Tag Archive | The Hunger Games

Scythe: A Worthy Successor to the Hunger Games

For those who study their history, the fact that all-controlling government “utopias” prove to be anything but is no surprise, yet the youth are often schooled to believe that such utopias should be desired if only the “right” people are in power. Actually, this isn’t so much something the young need to be taught, rather than is a youthful belief that arises from the desire to change things for the good. This desire for positive change is something that makes the young so hopeful…and so stupid. As we grow older, we realize true positive change only comes with time, if it comes at all. Rarely is it instantaneous. And as we age we often become cynical about human-run institutions. Often, these institutions do more harm than good. Given too much power, governments tend to turn murderous on a jaw-dropping scale.

One of the ways to deter the young against eagerly campaigning for more government power over their lives, is to have them read and watch stories in which the true nature of such a “utopia” is revealed in all of its gory detail. Dystopian series such as The Hunger Games conclude that any side that has too much power should be considered dangerous to the common man. The Hunger Games is far more effective in showcasing this phenomenon than say the movie V for Vendetta. V showcases an oppressive Right-wing government, but fails to concern itself with the main problem, which is authoritarianism in the form of totalitarianism, an all-powerful, centralized government of any side that must not be questioned. The Hunger Games shows the true story, which is that both Right and Left can be authoritarian, and hints at a political truth, the scale is not R vs. L, but is collective tyranny vs. personal freedom.

Scythe, by Neal Shusterman, is only book one in his new series, so I can’t yet judge the series as a whole in comparison to The Hunger Games, but so far I find Scythe to be a worthy successor. First, there is the necessary government dystopia, masking itself as a utopia as usual. Humans have conquered death by superior technology. Imagine that. They are also run by an internet “cloud” of human knowledge that that records and catalogues everyone and keeps everyone safe. Secondly, despite having their needs cared for (in the Hunger Games this depends on which district you live in), the general populace lives in fear of being murdered by their government. Scythes are the de facto government in place of a president, king, and/or parliament, and they have given themselves authority over death. The reason for this is blandly stated that people must die sometime, but behind that lies the boogeyman of our current time, overpopulation of humanity is the worst thing that can happen to the world. Thirdly, teens are conscripted into the order of the Scythes to become licensed killers, not unlike Katniss and Peeta being forced to kill other kids in the Capitol’s Hunger Games. Both societies are essentially bored with their existence, and these killings are entertainment, both a reflection of the fights in the Roman Colosseum, and a beacon warning us of the dangers of our present society’s boredom and malaise.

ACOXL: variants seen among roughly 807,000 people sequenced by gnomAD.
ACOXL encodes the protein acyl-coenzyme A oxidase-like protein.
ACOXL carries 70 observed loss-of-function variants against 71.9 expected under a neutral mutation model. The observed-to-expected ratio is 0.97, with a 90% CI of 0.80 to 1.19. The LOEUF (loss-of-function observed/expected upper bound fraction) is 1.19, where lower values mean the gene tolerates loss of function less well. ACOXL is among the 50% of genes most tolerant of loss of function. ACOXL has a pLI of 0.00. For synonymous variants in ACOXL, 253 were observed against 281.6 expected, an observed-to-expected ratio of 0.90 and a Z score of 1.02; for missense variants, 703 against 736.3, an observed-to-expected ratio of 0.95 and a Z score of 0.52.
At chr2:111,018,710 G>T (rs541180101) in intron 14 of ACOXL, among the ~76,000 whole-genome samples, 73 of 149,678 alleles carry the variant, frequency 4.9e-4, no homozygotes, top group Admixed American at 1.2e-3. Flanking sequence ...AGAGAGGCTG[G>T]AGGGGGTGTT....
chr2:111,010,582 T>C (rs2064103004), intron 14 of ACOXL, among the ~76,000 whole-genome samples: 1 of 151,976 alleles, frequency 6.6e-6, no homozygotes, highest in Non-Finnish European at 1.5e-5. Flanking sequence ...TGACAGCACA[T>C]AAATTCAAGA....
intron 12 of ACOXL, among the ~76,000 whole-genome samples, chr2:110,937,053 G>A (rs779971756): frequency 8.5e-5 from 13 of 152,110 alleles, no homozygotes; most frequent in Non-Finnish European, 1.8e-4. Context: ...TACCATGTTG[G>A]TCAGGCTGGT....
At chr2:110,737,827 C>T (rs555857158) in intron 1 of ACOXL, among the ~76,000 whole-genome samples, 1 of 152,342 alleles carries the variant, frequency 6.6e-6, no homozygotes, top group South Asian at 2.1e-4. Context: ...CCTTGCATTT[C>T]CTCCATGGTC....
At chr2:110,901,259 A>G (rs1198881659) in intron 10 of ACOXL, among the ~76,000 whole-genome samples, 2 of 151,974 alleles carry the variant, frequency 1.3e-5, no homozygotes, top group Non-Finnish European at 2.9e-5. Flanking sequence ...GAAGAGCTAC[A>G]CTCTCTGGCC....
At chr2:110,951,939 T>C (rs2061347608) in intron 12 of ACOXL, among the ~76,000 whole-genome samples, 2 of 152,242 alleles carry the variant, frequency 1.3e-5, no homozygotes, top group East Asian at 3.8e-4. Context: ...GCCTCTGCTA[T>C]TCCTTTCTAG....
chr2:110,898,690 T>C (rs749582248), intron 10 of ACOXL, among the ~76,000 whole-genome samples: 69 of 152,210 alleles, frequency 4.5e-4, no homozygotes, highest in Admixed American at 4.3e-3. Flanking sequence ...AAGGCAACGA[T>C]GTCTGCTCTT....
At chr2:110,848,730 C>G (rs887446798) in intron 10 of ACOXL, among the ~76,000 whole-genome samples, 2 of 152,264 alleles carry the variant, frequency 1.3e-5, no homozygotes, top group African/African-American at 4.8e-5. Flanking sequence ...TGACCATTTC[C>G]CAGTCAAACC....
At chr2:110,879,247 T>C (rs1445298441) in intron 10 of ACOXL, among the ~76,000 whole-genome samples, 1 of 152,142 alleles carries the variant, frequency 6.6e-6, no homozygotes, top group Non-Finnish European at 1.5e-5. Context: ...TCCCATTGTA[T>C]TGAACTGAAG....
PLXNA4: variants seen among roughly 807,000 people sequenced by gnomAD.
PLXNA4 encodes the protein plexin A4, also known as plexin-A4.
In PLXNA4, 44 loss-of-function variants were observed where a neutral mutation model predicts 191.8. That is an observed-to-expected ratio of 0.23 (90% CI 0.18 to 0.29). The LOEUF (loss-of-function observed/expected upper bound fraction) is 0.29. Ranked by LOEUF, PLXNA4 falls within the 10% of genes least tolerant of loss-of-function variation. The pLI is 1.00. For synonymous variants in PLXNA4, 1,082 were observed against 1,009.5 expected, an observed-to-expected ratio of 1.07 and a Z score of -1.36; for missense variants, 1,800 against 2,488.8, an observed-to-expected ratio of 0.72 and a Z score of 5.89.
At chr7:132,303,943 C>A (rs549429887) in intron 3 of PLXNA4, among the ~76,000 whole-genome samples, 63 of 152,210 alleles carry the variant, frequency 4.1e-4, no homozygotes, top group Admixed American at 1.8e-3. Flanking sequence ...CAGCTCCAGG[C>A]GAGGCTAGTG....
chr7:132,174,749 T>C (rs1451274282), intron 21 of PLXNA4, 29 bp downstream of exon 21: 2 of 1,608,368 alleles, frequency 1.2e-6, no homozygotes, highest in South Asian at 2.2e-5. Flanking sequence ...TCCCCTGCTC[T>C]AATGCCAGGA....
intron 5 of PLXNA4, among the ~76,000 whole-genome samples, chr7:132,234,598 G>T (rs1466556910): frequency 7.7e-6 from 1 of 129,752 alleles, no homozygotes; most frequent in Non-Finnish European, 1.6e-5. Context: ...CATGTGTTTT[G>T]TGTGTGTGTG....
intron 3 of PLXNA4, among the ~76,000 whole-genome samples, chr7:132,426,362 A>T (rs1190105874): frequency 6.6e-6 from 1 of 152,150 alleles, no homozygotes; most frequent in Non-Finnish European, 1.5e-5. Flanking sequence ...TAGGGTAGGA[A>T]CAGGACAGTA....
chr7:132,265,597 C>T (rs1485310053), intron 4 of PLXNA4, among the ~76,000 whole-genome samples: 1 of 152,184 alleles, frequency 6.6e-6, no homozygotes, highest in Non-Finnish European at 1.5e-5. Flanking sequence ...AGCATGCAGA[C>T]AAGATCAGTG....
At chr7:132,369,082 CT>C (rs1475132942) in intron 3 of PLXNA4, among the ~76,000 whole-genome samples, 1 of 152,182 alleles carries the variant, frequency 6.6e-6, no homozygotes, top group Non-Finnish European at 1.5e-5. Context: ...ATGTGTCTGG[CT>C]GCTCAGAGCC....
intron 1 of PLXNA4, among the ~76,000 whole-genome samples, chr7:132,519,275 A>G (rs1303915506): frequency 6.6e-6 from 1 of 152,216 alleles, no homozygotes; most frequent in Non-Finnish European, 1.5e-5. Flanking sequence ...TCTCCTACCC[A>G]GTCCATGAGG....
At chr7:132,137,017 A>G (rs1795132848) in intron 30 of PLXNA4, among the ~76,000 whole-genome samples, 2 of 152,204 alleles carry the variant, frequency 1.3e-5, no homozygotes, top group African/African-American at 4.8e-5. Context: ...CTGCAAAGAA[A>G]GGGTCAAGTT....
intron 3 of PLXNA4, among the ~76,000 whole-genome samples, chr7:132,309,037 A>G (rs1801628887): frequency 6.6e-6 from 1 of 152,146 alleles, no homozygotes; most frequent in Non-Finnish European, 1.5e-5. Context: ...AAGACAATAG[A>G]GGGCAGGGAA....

A quick, straightforward read, Scythe cuts to heart of the issue in the journal writings of the longterm Scythe members. They live by a number of commandments, feel called to do their work, and are more akin to a religious order than an actual governmental body. The main characters, Citra and Rowan are recruited to be apprentices in the order precisely because they find killing people abhorrent. They soon realize that this abhorrence is not shared by all Scythes and that just as in the governments of old, human corruption and greed reigns in the Scythedom. Just as Katniss and Peeta have to think outside the box to beat the system, so do Citra and Rowan.

As a whole, the Scythe world seems a simpler world than The Hunger Games one, but the board is just getting set up. Scythe is superior in some ways–it’s told in 3rd person instead of 1st, has no love triangle, and makes the slaughters less a game and more of a mission, yet fails in others–at times the story and world seem too simple and non-emotive, and a love story is only hinted when it should have been fully realized. Glaring, is the existence of the Scythedom in the first place. À la The Giver, we get the feeling–or maybe we are just hoping–that there is a big reveal coming, both about the origins of the Scythes and the “cloud” god/government. The biggest similarity to both stories is the truth that when it comes to power, any side, no matter how sanctioned, can prove to be the wrong one when human life is at stake.

Along with believing in utopias on earth, the young often see freedom or liberty as doing whatever you want whenever you want. Grownups know that true liberty and true freedom require core values and adherence and discipline to them.  None of the main characters in these stories are hedonists. They believe in protecting the weak and even that they themselves have a duty to do so. They are unwilling to use violence and only use it if they must. They revere human life, and even the corrupt human institutions, only bringing down either or both if it becomes absolutely necessary for them to do so. These stories do not glorify anarchy, but hold life and liberty dear.